[Standards] Veto on "Privileged Entity"

Kurt Zeilenga kurt.zeilenga at isode.com
Tue Dec 16 18:24:23 UTC 2014

> On Dec 16, 2014, at 10:02 AM, Goffi <goffi at goffi.org> wrote:
> I'm curious to see some other opinions on this subject.

While I have not formed a particular opinion with regards to the ProtoXEP worthiness to become a XEP or not as I simply have not read it, I am generally of the opinion that publication of XEPs as Experimental should only rarely be blocked by the council.

I think hope that the community might do something “better” is a poor reason to block an ProtoXEP.   I would prefer council members only block ProtoXEPs where it is at least council consensus that publication will actively harm a currently active standardization effort in a manner which cannot be mitigated (such as asking for additional text at the top of the XEP that offering an alternative to the XEPs of the active standardizations efforts).

I would rather the hope for something “better” be exercised by either working with the authors of the ProtoXEP to make it “better” or, if that doesn’t work, propose an alternative.

Blocking of XEPs tend to lead to folks simply going elsewhere for their publication needs.

— Kurt

> Cheers
> Goffi
> Le mardi 16 décembre 2014, 16:12:00 Dave Cridland a écrit :
>> Folks,
>> At the last Council meeting, I entered a position of -1 concerning
>> Privileged Entity:
>> http://xmpp.org/extensions/inbox/privilege-component.html
>> In order to explain my position better, it's worth examining how
>> authorization systems currently model the world. I'm going to use XACML
>> terms here, although in practise these are industry terms of art in most
>> cases.
>> In any access decision, there are a number of "subjects" - at least one,
>> the "Access Subject", and possibly others (an "Authorizing Subject",
>> perhaps). The decision is whether or not to allow the "Access Subject" to
>> perform an "Action" on a "Resource".
>> The decision is required, and enforced, by a Policy Enforcement Point, or
>> PEP. The PEP gathers information, and sends it to a Policy Decision Point,
>> or PDP. The PDP returns a decision. There are also Policy Information
>> Points, which act as information gatherers - typically these might be
>> querying LDAP directories or SQL databases.
>> For our purposes, the XMPP server is mostly considered here as acting as a
>> PEP.
>> A key issue is that the PDP can be (and often is) external to the PEP, and
>> centralized. There are standards for this (such as XACML) which allow both
>> policies to be expressed and also define PEP->PDP wire protocols. Most
>> modern standards are now focussed on Attribute Based Access Control, which
>> are particularly fine-grained.
>> Currently we have three explicit, and one implicit, authorization
>> mechanisms in XMPP:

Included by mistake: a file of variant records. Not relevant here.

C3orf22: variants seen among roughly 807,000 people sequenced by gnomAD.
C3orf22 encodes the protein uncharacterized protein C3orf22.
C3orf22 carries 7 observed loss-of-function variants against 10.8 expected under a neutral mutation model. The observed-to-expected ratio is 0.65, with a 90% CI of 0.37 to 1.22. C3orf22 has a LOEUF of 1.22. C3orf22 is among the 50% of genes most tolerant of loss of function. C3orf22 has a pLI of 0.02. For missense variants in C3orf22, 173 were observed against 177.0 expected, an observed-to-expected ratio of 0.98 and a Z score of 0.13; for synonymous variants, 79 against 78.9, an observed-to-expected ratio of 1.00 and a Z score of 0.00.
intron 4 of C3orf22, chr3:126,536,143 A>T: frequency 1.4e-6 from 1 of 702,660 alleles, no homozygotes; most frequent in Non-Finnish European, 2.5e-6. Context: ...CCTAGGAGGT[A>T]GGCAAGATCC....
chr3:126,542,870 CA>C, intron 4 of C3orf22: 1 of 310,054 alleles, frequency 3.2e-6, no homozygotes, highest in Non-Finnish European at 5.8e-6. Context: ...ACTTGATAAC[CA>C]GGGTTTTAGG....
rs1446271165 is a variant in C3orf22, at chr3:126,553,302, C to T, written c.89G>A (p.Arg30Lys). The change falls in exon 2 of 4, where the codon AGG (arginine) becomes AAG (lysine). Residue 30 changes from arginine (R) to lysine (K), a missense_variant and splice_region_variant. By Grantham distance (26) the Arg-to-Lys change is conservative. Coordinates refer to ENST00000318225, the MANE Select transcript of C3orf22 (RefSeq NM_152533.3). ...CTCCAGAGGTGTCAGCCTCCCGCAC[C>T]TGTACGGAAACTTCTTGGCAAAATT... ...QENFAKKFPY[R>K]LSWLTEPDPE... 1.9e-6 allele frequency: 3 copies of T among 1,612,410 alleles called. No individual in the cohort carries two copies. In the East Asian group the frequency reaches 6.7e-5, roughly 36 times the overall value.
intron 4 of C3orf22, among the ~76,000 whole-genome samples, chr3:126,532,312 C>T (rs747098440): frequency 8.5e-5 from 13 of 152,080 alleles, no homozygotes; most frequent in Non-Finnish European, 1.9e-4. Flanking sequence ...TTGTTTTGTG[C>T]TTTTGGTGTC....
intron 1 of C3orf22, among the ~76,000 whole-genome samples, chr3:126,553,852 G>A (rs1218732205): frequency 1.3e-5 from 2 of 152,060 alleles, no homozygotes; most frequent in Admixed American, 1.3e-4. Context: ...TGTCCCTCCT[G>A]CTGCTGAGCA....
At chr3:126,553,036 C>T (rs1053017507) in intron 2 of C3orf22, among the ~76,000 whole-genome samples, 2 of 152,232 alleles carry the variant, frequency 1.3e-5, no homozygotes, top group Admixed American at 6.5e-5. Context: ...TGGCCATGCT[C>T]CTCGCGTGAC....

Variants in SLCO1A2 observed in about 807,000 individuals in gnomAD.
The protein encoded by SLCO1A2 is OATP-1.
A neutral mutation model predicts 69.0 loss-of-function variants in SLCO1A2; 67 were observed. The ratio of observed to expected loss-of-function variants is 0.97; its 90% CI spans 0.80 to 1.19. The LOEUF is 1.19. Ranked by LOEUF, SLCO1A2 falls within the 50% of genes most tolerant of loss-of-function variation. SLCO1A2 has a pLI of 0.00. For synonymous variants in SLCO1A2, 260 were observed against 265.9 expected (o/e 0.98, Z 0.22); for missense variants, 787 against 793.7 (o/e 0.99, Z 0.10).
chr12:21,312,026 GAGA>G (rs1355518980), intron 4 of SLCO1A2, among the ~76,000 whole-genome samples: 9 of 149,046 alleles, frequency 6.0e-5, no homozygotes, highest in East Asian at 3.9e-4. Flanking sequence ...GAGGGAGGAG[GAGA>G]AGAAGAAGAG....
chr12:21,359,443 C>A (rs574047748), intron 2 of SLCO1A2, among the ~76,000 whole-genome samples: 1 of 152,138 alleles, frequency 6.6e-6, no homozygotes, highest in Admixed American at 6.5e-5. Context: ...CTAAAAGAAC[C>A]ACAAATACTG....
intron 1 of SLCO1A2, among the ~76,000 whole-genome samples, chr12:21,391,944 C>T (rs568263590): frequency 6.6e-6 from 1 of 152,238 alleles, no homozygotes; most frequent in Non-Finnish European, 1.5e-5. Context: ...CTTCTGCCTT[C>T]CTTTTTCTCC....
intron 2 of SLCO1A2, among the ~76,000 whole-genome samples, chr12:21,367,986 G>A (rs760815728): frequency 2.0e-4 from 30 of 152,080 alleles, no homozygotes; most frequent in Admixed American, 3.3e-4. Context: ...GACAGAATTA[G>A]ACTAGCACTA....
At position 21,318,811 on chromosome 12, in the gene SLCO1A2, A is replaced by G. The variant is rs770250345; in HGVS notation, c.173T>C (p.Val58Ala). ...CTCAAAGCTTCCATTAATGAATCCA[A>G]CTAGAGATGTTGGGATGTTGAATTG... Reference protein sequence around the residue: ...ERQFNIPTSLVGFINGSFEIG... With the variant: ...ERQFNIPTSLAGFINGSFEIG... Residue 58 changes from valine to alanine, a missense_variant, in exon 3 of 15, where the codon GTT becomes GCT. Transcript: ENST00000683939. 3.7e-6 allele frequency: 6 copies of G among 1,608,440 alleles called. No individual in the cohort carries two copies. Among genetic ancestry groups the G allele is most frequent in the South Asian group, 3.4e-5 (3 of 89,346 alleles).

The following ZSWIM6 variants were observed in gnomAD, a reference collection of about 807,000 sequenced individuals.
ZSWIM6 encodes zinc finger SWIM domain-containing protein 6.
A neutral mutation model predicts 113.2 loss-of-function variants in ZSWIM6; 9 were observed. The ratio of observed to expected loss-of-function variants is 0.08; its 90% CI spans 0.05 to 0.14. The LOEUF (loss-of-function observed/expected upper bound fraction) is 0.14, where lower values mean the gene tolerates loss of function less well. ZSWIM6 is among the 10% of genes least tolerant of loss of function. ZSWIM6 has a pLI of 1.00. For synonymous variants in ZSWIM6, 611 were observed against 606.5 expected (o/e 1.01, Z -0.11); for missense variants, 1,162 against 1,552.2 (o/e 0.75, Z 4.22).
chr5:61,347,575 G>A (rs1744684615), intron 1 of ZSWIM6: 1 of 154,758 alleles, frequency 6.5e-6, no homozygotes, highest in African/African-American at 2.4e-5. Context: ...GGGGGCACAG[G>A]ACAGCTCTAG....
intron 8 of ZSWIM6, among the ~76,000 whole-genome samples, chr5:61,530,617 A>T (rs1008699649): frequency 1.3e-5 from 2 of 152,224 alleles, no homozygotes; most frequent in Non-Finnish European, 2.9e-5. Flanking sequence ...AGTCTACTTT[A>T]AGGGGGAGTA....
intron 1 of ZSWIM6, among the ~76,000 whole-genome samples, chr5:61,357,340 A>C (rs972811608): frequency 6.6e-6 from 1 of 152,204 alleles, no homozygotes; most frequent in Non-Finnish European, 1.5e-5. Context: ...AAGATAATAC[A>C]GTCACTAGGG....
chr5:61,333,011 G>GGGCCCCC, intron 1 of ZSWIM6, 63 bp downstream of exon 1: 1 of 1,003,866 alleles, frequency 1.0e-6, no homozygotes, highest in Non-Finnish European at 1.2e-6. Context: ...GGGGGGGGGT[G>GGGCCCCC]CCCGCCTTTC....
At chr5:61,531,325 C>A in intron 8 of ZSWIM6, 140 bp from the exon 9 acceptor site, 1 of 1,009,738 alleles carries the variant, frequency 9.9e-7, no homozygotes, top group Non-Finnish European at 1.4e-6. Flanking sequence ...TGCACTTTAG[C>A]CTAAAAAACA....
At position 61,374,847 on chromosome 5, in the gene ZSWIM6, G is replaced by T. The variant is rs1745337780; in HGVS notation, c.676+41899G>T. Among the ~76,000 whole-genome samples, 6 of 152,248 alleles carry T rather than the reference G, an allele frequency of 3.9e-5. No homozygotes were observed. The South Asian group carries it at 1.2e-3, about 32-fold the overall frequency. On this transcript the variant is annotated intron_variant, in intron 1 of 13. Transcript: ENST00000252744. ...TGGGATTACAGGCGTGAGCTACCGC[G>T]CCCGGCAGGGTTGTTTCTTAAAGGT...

>> 1) The Affiliations of MUC and PubSub. This is a Role Based Access Control
>> mechanism with fixed roles.
>> 2) The Security Information Object mechanism of XEP-0258, used for
>> protective marking schemes. This is, again, a Role Based Access Control
>> mechanism of sorts, with definable Roles. Interestingly, this has a
>> configurable policy.
>> 3) MUC Hats, which is a fairly straightforward Role Based Access Control
>> system using user-defined Roles. Nobody, so far as I know, implements this,
>> but it was defined on the perceived need of finer-grained access control to
>> chatrooms.
>> 4) The implicit permissioning of Rosters and vCards, wherein the owner has
>> access and nobody else.
>> All of these are fairly inflexible, do not integrate with external PDPs,
>> and are all RBAC.
>> The ProtoXEP in question was aiming at defining another, new, RBAC system
>> which also would have a fixed role, fixed policy.
>> Although the outcome is desirable - that is, replacing (4) above with a
>> more flexible system - I'm concerned that this is patching a specific
>> problem rather than addressing the broader view of where the state of the
>> art in access control is.
>> Instead, I think we should take a step back and try to cast our
>> authorization model in the form the current ABAC standards can work with;
>> ideally getting us to a point where enterprise PDPs could be used if needed
>> to provide centralized policy control.
>> In particular, this means clearly defining the resources involved, the
>> actions available - both generic actions and in some cases specialist ones
>> - and then look at how we can generically authorize subjects.
>> The result of this might be "woah, this is way too difficult", but I'd
>> rather say that after exploring the are properly - (3) above has done much
>> of this work already for MUC, so clearly there is *some* interest.
>> Dave.

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